The final leg of my five part series on Mental Toughness is being able to maintain strict form while your body is extremely uncomfortable.
This is a very difficult thing to do simply because your entire body is telling you to do exactly the opposite of what you should be doing. And this is precisely why we are talking about mental toughness – in a sense, it is the aggregate of all the previous sections and culminates here.
How do you maintain strict form while experiencing excruciating discomfort both mentally and physically?
You need a lot of practice to master a technique. When it comes to the White Collar Boxers, they had to train 3 days a week for 12 weeks in order to learn the basics of boxing. When you are first learning the jab, it takes considerable amount of mental energy to do the damn thing – like proper footwork, staying on the balls of your feet, keep your knees bent, keep your hands up, throw your hips in to it, keep your head straight, snap the hand, etc… The checklist is so long that you are mentally fatigued by the end of the session not only from physical exertion but also from remembering all the points on how to throw a proper jab.
“the wrong form now doesn’t feel good or normal.”
Now add in the physical exhaustion – the lactic acid burning sensation that’s occurring in all the effected muscles. An ever-increasing stinging, burning pain that only gets worse and worse until you stop doing whatever it is that you are doing. You’re feeling very uncomfortably hot as your body temperature keeps rising. You sweat profusely to desperately cool down the body. Your breathing has become rapid and hurts your chest as it heaves up and down greedily sucking in more oxygen.
So how does anyone maintain their form in the presence of so much suffering?!
If you can master the technique of throwing a jab, or doing a proper push-up and do it so well that you can do it with your eyes closed, then you at least have built up a technical foundation for you to train at a high intensity with good form. The skilled movement has been conditioned into your muscle memory to the point where it has become automatic – in other words, it’s on auto-pilot. At that point, if you were to do a push-up using bad form, it would actually feel weird – as if something was off. This is when you know you have good form. Because the wrong form now doesn’t feel good or normal. Now, when you are in the middle of a hard set and you are really struggling to finish the set, your form may start to break, but as it does, you catch yourself since your muscle memory flags you that something is not right. You correct your form and everything feels right again. And when you are doing something with proper form, you know you are doing it with good form because it will continue that burning, painful feeling in the muscles that you were trying to escape from.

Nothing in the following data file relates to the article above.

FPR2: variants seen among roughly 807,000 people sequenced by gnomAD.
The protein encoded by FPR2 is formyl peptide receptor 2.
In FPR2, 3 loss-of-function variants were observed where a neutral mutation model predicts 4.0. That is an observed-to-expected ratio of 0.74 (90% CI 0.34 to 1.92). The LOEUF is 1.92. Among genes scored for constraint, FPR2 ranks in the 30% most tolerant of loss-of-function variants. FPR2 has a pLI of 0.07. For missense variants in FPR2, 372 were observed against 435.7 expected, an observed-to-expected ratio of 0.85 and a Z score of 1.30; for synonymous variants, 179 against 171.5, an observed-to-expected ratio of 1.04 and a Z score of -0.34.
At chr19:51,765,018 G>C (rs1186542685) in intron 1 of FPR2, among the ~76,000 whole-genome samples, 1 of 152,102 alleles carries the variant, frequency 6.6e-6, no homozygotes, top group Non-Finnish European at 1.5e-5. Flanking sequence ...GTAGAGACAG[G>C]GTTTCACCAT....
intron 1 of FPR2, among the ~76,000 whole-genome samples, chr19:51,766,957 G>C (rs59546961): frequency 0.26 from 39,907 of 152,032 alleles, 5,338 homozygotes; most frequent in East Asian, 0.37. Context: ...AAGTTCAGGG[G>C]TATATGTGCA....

To recap from the other points mentioned from the previous mental toughness blogs, you will employ the following to help you with maintaining strict form:
Visualization – mentally see yourself doing the skilled movement with good form; visualize your body going through the proper motion and check yourself if you are doing it right. Visualize yourself prior to the set of enduring through the physical pain and discomfort and executing the movement with perfect form.
Goal-setting – set small and attainable goals in your mind so the task at hand does not seem insurmountable. That allows you to keep to good form because “you only need to maintain it for a short time”. That is until you reach the goal, and then you set yourself another small goal…
Self-Talk – you’re internal dialogue in your head is an ongoing banter of nonsensical gibberish when your body is under immense discomfort. You need to focus the dialogue on positive self-talk that will push and encourage you to achieving your small goals that you set. Constantly telling yourself, that you can do 10 more seconds of perfect-form bodyweight squats, and then telling yourself, “okay, I did it, now I can do another 10 more seconds!”.
Checklist – go through that mental checklist on how to throw a proper jab that you had to engrain into your mind when you were first learning how to throw a jab. That checklist is gold to you especially when you are exhausted. That will keep your form in check as your body tries to cheat its way out of the form to ease off the burn – don’t let it!
“when you are doing something with proper form, you know you are doing it with good form because it will continue that burning, painful feeling in the muscles that you were trying to escape from.”
And lastly – constant training will allow you to glue all these points together and will drill into your muscle memory what proper form should be.
It takes a ton of discipline and mental focus to always train with the highest quality of technique. To hold yourself to that standard is not easy and it’s definitely not as flamboyant or ‘show-offy’ as doing large quantities of pull-ups or push-ups for example, so it lacks the ‘bragging rights’ appeal of doing something with bad form, but to anyone who knows how that movement should be performed, good technique will be impressive to them – its subtle and it’s beautiful. I’m not even going to mention the risk of injury aspect as that is obvious.
Stay humble and always seek to improve your training. By improving your mental toughness, you will elevate your training to a new level of intensity and soon you will be training like a pro!
Train hard and train smart!
See you in class.